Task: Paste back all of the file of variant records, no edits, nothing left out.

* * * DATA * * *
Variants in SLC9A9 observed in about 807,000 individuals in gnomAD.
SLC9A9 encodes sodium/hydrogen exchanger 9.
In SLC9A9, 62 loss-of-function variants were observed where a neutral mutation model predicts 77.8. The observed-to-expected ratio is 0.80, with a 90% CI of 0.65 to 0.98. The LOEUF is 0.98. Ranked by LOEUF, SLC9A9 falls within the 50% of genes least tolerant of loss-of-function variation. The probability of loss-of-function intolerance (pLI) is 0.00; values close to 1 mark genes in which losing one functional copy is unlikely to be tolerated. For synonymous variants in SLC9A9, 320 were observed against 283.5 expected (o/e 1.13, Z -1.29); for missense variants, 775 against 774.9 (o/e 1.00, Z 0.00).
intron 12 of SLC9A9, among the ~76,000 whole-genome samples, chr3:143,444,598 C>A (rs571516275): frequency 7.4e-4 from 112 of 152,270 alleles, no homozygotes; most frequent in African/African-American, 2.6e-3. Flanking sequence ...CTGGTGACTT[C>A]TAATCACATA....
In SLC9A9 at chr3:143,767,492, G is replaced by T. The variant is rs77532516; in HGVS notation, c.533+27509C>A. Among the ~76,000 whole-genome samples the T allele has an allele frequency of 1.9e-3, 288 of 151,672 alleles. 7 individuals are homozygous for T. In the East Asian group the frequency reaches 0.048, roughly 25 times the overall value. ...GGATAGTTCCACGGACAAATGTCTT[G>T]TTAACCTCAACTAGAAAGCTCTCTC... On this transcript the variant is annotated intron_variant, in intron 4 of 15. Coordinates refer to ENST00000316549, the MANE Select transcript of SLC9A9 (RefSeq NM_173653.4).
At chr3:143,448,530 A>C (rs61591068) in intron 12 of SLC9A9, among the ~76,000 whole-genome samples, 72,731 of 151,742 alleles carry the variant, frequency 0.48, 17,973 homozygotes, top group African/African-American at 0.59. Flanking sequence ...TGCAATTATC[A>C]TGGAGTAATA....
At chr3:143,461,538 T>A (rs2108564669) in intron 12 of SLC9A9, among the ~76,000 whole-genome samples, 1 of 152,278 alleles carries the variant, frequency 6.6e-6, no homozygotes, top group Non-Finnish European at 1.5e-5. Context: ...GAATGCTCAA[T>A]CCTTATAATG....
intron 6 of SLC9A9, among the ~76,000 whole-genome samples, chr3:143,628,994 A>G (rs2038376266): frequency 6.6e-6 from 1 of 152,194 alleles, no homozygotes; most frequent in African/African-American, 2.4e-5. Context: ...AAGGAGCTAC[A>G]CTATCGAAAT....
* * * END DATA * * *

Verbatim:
Variants in SLC9A9 observed in about 807,000 individuals in gnomAD.
SLC9A9 encodes sodium/hydrogen exchanger 9.
In SLC9A9, 62 loss-of-function variants were observed where a neutral mutation model predicts 77.8. The observed-to-expected ratio is 0.80, with a 90% CI of 0.65 to 0.98. The LOEUF is 0.98. Ranked by LOEUF, SLC9A9 falls within the 50% of genes least tolerant of loss-of-function variation. The probability of loss-of-function intolerance (pLI) is 0.00; values close to 1 mark genes in which losing one functional copy is unlikely to be tolerated. For synonymous variants in SLC9A9, 320 were observed against 283.5 expected (o/e 1.13, Z -1.29); for missense variants, 775 against 774.9 (o/e 1.00, Z 0.00).
intron 12 of SLC9A9, among the ~76,000 whole-genome samples, chr3:143,444,598 C>A (rs571516275): frequency 7.4e-4 from 112 of 152,270 alleles, no homozygotes; most frequent in African/African-American, 2.6e-3. Flanking sequence ...CTGGTGACTT[C>A]TAATCACATA....
In SLC9A9 at chr3:143,767,492, G is replaced by T. The variant is rs77532516; in HGVS notation, c.533+27509C>A. Among the ~76,000 whole-genome samples the T allele has an allele frequency of 1.9e-3, 288 of 151,672 alleles. 7 individuals are homozygous for T. In the East Asian group the frequency reaches 0.048, roughly 25 times the overall value. ...GGATAGTTCCACGGACAAATGTCTT[G>T]TTAACCTCAACTAGAAAGCTCTCTC... On this transcript the variant is annotated intron_variant, in intron 4 of 15. Coordinates refer to ENST00000316549, the MANE Select transcript of SLC9A9 (RefSeq NM_173653.4).
At chr3:143,448,530 A>C (rs61591068) in intron 12 of SLC9A9, among the ~76,000 whole-genome samples, 72,731 of 151,742 alleles carry the variant, frequency 0.48, 17,973 homozygotes, top group African/African-American at 0.59. Flanking sequence ...TGCAATTATC[A>C]TGGAGTAATA....
At chr3:143,461,538 T>A (rs2108564669) in intron 12 of SLC9A9, among the ~76,000 whole-genome samples, 1 of 152,278 alleles carries the variant, frequency 6.6e-6, no homozygotes, top group Non-Finnish European at 1.5e-5. Context: ...GAATGCTCAA[T>A]CCTTATAATG....
intron 6 of SLC9A9, among the ~76,000 whole-genome samples, chr3:143,628,994 A>G (rs2038376266): frequency 6.6e-6 from 1 of 152,194 alleles, no homozygotes; most frequent in African/African-American, 2.4e-5. Context: ...AAGGAGCTAC[A>G]CTATCGAAAT....